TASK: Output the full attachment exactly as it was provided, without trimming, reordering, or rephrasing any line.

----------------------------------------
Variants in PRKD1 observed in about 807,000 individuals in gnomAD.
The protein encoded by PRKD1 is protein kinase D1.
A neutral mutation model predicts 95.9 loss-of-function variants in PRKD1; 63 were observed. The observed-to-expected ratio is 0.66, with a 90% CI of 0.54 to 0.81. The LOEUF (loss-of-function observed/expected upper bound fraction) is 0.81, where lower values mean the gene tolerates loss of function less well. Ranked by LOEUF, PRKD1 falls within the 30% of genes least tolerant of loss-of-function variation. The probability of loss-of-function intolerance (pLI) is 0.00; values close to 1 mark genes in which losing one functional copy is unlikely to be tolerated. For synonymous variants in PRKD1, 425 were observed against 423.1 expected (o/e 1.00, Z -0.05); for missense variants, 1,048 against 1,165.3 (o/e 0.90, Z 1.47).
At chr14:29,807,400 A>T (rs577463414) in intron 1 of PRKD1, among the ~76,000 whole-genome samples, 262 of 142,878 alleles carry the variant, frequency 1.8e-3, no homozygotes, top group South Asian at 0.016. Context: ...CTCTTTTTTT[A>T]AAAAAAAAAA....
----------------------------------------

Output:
Variants in PRKD1 observed in about 807,000 individuals in gnomAD.
The protein encoded by PRKD1 is protein kinase D1.
A neutral mutation model predicts 95.9 loss-of-function variants in PRKD1; 63 were observed. The observed-to-expected ratio is 0.66, with a 90% CI of 0.54 to 0.81. The LOEUF (loss-of-function observed/expected upper bound fraction) is 0.81, where lower values mean the gene tolerates loss of function less well. Ranked by LOEUF, PRKD1 falls within the 30% of genes least tolerant of loss-of-function variation. The probability of loss-of-function intolerance (pLI) is 0.00; values close to 1 mark genes in which losing one functional copy is unlikely to be tolerated. For synonymous variants in PRKD1, 425 were observed against 423.1 expected (o/e 1.00, Z -0.05); for missense variants, 1,048 against 1,165.3 (o/e 0.90, Z 1.47).
At chr14:29,807,400 A>T (rs577463414) in intron 1 of PRKD1, among the ~76,000 whole-genome samples, 262 of 142,878 alleles carry the variant, frequency 1.8e-3, no homozygotes, top group South Asian at 0.016. Context: ...CTCTTTTTTT[A>T]AAAAAAAAAA....